Professor Yung-Ya Lin
Professor Yung-Ya Lin and his group study theory and applications in magnetic resonance spectroscopy, microscopy & imaging, channeling progress in fundamental physics. His research leads into significant improvements in magnetic resonance spectroscopy and imaging with valuable applications in biomedical sciences.
Professor Joseph A. Loo
The research interests of Professor Loo's group include the development and application of bioanalytical methods for the structural characterization of proteins and post-translational modifications, proteomics-based research, and the elucidation of disease. The composition and structure of noncovalently-bound protein-protein and protein-ligand interactions are studied by electrospray ionization mass spectrometry and ion mobility.
Professor Heather D. Maynard
The Maynard group focuses on polymer chemistry and nano medicine. We design and synthesize polymeric mimics of natural molecules with the purpose of stabilizing proteins and siRNA. These materials are applied to wound healing, diabetes, and for the treatment of cancer. We also prepare polymers for conjugation of proteins to surfaces in specific orientations for diagnostics and biomaterials that control cell behavior.
Professor Sabeeha S. Merchant
The Merchant research program focuses on trace metal metabolism using Chlamydomonas as a reference organism. The group uses a combination of classical genetics, genomics and biochemistry to discover mechanisms of trace metal homeostasis in Chlamydomonas, especially mechanisms for reducing the quota or for recycling in situations of deficiency.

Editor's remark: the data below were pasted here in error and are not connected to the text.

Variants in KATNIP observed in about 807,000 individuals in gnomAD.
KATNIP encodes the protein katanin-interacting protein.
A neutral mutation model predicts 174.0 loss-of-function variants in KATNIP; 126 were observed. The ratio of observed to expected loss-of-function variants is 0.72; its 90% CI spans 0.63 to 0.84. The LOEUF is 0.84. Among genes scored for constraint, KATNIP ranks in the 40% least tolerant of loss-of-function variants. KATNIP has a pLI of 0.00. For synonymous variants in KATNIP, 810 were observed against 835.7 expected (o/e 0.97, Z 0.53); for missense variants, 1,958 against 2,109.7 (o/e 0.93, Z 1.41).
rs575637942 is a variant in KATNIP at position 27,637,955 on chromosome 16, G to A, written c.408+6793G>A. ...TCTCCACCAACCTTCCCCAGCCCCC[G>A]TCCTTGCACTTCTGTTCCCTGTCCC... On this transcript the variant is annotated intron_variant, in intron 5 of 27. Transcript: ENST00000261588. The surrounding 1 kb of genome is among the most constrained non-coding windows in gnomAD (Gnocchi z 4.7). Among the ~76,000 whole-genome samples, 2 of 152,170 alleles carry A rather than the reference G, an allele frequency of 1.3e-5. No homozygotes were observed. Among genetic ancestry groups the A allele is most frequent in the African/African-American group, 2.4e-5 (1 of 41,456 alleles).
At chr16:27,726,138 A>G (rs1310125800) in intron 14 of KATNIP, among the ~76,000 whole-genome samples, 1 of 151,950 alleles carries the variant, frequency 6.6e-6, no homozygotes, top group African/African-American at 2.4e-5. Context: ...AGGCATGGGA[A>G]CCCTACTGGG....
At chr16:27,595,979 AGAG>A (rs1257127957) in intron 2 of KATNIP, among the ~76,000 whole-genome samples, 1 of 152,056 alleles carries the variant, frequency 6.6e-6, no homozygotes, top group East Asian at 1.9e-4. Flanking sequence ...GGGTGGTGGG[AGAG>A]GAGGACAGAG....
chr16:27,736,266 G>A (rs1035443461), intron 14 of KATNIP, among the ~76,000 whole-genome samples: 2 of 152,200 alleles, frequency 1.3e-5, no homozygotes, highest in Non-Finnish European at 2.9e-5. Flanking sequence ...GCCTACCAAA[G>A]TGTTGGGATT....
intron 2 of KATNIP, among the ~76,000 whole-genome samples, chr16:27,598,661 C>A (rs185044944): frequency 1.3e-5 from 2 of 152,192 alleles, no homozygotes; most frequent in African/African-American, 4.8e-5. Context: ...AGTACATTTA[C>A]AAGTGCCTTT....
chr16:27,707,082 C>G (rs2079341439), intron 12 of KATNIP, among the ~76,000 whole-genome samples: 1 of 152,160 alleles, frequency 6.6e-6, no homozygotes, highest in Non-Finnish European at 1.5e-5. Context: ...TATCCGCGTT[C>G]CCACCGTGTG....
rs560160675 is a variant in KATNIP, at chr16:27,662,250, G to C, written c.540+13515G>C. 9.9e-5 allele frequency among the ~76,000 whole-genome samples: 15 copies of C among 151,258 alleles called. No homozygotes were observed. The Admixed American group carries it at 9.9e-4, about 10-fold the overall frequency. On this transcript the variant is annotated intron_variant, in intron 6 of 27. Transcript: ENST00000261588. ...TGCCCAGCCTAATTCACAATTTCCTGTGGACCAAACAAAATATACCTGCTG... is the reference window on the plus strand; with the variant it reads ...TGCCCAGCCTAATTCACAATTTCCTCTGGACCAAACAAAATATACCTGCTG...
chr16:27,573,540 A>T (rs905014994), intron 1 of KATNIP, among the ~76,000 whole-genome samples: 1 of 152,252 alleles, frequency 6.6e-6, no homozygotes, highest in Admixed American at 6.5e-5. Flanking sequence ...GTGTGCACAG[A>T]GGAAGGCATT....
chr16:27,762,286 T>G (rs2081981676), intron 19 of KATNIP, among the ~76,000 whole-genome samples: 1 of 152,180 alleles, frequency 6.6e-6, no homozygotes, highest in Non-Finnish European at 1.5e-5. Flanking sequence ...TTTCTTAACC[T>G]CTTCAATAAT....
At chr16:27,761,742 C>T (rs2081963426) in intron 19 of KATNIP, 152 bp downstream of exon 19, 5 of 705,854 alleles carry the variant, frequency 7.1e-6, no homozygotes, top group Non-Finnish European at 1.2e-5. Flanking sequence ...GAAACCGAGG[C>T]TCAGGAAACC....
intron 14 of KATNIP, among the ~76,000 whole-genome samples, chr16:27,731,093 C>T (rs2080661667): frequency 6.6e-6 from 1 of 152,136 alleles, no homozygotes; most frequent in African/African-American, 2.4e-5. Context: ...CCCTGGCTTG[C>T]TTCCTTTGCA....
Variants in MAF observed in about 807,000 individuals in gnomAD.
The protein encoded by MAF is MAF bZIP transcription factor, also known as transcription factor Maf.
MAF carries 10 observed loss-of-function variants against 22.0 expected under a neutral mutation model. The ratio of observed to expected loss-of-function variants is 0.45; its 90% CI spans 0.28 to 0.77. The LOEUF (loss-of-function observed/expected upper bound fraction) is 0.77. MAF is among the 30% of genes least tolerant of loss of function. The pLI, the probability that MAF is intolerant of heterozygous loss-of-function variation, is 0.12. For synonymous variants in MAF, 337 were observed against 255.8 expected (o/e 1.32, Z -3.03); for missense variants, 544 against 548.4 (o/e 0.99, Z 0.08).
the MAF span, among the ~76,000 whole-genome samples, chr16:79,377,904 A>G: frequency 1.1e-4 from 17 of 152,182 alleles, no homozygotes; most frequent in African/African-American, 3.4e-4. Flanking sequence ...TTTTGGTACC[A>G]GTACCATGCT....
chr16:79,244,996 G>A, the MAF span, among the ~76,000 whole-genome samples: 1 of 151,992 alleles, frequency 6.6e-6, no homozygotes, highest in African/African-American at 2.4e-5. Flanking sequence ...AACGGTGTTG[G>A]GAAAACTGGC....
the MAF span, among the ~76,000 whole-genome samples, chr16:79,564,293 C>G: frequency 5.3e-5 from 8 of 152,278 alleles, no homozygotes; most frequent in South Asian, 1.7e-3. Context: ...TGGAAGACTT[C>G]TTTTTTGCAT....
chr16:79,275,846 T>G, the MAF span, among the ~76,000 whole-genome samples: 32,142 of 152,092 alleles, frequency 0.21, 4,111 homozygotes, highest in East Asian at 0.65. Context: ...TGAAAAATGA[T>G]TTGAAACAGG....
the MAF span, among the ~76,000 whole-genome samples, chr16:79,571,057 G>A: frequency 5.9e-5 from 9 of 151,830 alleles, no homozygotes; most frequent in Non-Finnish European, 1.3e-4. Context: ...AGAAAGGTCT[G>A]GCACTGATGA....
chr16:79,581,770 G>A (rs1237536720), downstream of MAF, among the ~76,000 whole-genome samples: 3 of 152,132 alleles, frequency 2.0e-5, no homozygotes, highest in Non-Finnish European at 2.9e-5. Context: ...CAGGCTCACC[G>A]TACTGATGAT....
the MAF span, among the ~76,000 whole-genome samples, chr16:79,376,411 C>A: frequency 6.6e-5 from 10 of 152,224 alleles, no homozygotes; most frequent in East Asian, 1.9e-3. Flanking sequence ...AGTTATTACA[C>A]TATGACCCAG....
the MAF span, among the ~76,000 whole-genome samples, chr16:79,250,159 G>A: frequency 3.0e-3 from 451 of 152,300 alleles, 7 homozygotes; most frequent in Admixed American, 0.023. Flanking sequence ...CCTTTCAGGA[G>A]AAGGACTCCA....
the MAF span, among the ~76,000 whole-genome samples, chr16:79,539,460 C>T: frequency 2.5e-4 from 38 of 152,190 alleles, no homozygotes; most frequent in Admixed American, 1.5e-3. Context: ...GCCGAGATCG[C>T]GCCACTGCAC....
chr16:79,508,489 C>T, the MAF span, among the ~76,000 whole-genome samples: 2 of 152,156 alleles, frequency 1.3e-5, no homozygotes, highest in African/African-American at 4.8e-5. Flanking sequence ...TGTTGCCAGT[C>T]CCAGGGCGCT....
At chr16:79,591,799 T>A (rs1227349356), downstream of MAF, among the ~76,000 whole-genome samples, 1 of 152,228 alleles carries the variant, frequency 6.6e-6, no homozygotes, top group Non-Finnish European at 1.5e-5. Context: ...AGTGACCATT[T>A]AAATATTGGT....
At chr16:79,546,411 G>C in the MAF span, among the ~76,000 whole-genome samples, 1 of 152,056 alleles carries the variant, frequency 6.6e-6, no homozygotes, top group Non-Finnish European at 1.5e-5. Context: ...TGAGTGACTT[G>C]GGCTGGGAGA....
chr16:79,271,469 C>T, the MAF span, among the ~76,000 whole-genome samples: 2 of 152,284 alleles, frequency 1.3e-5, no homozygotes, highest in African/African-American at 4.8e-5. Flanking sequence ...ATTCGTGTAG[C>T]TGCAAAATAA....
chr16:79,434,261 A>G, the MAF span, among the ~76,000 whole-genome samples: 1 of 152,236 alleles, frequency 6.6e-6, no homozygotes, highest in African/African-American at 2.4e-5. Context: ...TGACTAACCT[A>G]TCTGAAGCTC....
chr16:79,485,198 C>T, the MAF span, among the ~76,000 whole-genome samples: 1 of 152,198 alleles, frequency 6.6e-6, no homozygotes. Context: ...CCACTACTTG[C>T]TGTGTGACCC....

Professor John T. Wasson
Professor John Wasson's research interest is in cosmochemistry. He studies the chemical composition of the solar system, the solar nebula, and meteoritics. One of his projects combines chemistry, biology and geology; his team is investigating the association between the accretion to the Earth of large, kilometer-size objects and massive biological extinctions. The chemical evidence for the accretionary events are large enhancements of noble-metal concentrations in thin sediment layers. The recent determinations of Ir in a sea-sediment core have allowed them to determine the size of the impacting body that produced the Australasian tektites.
Professor Paul S. Weiss
Professor Paul Weiss leads an interdisciplinary research group which includes chemists, physicists, biologists, materials scientists, electrical and mechanical engineers, and computer scientists. Their work focuses on the atomic-scale chemical, physical, optical, mechanical and electronic properties of surfaces and supramolecular assemblies. He and his students have developed new techniques to expand the applicability and chemical specificity of scanning probe microscopies. They have applied these and other tools to the study of catalysis, self- and directed assembly, physical models of biological systems, and molecular and nano-scale electronics. They work to advance nanofabrication down to ever smaller scales and greater chemical specificity in order to connect, to operate, and to test molecular devices.
Professor Shimon Weiss
Professor Shimon Weiss and his group develop and apply ultrahigh-resolution, ultrahigh-sensitivity fluorescence imaging and spectroscopy tools to solving outstanding problems in chemistry & biology. Specifically, they utilize (i) single molecule spectroscopy to study conformational dynamics and transient interactions of proteins; (ii) superresolution and /or ultrasensitive imaging methods to watch life process in live cells on the molecular scale; (iii) activate and/or perturb physiological processes in live zebrafish on the single cell level; (iv) develop unique reagents and chemistries to carry out research topics mentioned.